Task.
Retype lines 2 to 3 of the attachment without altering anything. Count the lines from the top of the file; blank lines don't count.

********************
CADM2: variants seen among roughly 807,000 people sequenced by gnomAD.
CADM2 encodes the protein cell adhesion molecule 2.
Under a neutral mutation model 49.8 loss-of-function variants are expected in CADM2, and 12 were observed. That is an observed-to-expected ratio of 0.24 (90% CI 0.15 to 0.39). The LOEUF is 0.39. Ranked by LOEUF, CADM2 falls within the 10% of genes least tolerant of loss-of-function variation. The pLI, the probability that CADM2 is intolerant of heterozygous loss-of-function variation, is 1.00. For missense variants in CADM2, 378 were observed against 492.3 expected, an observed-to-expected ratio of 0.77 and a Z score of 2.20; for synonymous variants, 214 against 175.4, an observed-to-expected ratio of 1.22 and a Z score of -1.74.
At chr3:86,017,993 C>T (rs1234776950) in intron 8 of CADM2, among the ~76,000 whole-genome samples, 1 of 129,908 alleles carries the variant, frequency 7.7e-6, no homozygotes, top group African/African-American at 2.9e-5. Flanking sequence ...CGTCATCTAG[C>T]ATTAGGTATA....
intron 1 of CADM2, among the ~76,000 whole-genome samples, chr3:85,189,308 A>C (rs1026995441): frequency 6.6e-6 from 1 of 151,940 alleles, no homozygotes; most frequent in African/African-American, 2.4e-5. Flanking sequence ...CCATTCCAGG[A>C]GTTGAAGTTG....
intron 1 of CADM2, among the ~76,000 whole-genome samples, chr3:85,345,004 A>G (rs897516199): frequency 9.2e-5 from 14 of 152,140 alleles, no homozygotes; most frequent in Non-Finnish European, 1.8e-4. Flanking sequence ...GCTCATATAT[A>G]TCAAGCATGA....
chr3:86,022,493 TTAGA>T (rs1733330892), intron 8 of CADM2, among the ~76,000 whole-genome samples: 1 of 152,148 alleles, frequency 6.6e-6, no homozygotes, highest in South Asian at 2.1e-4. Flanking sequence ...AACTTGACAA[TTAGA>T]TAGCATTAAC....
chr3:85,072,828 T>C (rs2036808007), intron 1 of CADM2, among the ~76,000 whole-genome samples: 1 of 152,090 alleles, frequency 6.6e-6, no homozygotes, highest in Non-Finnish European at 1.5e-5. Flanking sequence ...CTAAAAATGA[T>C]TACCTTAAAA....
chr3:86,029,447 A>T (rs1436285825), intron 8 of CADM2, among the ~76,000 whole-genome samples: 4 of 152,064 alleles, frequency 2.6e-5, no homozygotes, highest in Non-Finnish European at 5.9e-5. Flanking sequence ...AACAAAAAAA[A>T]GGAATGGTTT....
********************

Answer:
CADM2 encodes the protein cell adhesion molecule 2.
Under a neutral mutation model 49.8 loss-of-function variants are expected in CADM2, and 12 were observed. That is an observed-to-expected ratio of 0.24 (90% CI 0.15 to 0.39). The LOEUF is 0.39. Ranked by LOEUF, CADM2 falls within the 10% of genes least tolerant of loss-of-function variation. The pLI, the probability that CADM2 is intolerant of heterozygous loss-of-function variation, is 1.00. For missense variants in CADM2, 378 were observed against 492.3 expected, an observed-to-expected ratio of 0.77 and a Z score of 2.20; for synonymous variants, 214 against 175.4, an observed-to-expected ratio of 1.22 and a Z score of -1.74.